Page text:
These days it seems the easy phase of restructuring operations for global competitiveness is moving production offshore to low labor cost regions such as east asia. The hard part is getting the products to end-users reliably. The challenge goes beyond shipping costs - although problems in supply chains can certainly play havoc on cost structures. CEOs are finding that strategic and highly skilled supply chain managers are worth their weight in gold in today's global marketplace
. . . the surge in global trade in recent years has added to strains and charges for all forms of transport. As a result, some manufacturers are developing costly buffer stocks [to] avoid shutting down production lines, [shifting] to more expensive but more reliable modes of transport, [and] some companies are turning to new information technology to keep supply chains flowing. . . (Manufacturers Cope With Costs of Strained Global Supply Lines, WSJ).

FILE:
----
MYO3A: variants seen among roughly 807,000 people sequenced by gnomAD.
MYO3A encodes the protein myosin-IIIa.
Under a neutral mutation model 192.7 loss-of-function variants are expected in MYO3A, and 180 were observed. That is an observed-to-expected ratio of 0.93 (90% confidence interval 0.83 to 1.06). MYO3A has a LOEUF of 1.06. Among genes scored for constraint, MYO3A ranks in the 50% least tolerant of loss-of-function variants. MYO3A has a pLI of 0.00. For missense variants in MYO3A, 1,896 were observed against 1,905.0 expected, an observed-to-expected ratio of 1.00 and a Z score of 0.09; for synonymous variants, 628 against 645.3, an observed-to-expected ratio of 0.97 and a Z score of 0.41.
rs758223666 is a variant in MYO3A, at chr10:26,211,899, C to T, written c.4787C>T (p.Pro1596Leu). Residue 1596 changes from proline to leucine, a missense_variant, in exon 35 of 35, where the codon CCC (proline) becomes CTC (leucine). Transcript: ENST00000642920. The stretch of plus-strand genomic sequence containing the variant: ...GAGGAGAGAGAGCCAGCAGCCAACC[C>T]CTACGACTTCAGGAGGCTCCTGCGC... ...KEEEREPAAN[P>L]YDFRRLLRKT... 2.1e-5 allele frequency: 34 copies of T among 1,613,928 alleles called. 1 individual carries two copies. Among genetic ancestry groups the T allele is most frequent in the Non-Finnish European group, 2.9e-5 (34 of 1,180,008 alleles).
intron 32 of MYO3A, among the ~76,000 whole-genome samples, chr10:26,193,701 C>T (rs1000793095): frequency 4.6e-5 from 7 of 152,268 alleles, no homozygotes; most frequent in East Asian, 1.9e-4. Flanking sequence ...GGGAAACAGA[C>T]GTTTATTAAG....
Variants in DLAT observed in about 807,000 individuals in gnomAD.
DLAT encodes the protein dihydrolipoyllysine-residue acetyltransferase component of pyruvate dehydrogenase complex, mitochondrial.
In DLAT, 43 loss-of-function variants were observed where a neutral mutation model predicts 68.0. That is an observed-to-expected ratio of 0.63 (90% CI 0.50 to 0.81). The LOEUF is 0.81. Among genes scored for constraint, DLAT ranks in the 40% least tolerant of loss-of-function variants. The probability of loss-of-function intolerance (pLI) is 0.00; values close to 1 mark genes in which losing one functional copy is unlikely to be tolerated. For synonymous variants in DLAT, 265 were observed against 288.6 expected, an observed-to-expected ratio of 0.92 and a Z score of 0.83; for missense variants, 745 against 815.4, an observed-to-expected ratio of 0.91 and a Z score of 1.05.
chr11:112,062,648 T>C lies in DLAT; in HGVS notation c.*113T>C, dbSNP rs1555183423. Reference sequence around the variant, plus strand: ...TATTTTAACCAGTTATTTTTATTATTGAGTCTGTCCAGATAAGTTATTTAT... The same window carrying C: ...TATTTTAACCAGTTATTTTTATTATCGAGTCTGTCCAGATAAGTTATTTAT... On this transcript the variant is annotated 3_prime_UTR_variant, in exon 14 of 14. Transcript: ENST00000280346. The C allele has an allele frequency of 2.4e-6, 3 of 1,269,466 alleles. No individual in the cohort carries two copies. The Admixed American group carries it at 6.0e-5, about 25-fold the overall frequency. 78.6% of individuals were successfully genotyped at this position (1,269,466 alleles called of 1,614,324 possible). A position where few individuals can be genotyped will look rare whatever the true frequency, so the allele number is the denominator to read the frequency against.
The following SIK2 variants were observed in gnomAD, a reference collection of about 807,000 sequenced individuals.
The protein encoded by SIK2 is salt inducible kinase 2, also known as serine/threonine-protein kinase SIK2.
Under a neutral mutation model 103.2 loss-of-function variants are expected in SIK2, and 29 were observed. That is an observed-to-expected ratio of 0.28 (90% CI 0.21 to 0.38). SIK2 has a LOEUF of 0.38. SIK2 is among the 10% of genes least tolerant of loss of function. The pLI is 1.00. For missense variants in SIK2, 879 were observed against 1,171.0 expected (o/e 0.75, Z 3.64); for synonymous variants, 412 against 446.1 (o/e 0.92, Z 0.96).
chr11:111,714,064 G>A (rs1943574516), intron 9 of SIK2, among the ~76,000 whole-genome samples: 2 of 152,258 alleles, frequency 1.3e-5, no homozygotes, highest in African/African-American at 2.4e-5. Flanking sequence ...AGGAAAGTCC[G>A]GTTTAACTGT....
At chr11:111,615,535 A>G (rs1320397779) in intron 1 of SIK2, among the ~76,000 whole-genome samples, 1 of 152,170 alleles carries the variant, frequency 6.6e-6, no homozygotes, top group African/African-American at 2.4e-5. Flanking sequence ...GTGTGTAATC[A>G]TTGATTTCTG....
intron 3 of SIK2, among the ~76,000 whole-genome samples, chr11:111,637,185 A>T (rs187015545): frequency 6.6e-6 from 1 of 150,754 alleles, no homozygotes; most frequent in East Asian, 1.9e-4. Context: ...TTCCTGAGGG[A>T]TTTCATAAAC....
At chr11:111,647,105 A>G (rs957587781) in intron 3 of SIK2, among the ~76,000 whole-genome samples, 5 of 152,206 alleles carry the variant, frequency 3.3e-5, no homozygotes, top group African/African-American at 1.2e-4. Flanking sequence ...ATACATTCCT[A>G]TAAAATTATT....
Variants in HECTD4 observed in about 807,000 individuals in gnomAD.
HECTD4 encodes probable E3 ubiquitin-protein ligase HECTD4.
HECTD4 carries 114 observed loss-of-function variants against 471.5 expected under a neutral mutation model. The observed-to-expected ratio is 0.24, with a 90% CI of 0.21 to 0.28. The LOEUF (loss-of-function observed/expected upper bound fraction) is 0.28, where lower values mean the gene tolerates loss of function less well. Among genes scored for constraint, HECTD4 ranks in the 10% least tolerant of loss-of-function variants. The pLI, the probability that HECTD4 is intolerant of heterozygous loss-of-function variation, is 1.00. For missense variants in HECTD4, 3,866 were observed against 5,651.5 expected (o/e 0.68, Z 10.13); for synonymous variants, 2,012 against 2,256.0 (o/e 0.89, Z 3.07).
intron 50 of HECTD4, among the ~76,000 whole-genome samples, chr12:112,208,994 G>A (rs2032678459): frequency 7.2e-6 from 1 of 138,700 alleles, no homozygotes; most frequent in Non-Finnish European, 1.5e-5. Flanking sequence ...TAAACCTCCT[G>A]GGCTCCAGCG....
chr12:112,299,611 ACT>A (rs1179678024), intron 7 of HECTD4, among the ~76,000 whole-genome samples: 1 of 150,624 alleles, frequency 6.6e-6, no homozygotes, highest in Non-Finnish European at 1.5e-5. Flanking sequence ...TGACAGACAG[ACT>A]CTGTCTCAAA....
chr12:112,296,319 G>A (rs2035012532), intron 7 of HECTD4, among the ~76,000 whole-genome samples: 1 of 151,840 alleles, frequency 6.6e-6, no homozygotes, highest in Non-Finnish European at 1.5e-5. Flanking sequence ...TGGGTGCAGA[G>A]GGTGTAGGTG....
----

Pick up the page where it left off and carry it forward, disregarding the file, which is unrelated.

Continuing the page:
There was a time in the early 1980s when distribution strategy was considered an oxymoron by most executives. Relegated to the bottom of most management team discussions, distribution and marketing channel strategy discussions back then were primarily concerned with shipping and warehouse management issues - hardly worthy of too much senior executive time.
Times have certainly changed, and there isn't a CEO around who isn't looking for a supply chain leader who can craft strategy, manage detailed tactics, structure winning partnerships, and create complex back-up plans and error recovery systems.
Let's hope these new supply chain leaders rise to the occasion. Articles like the one referenced above raise a red flag: buffer stocks and last minute high cost air transport feel like a step back in time!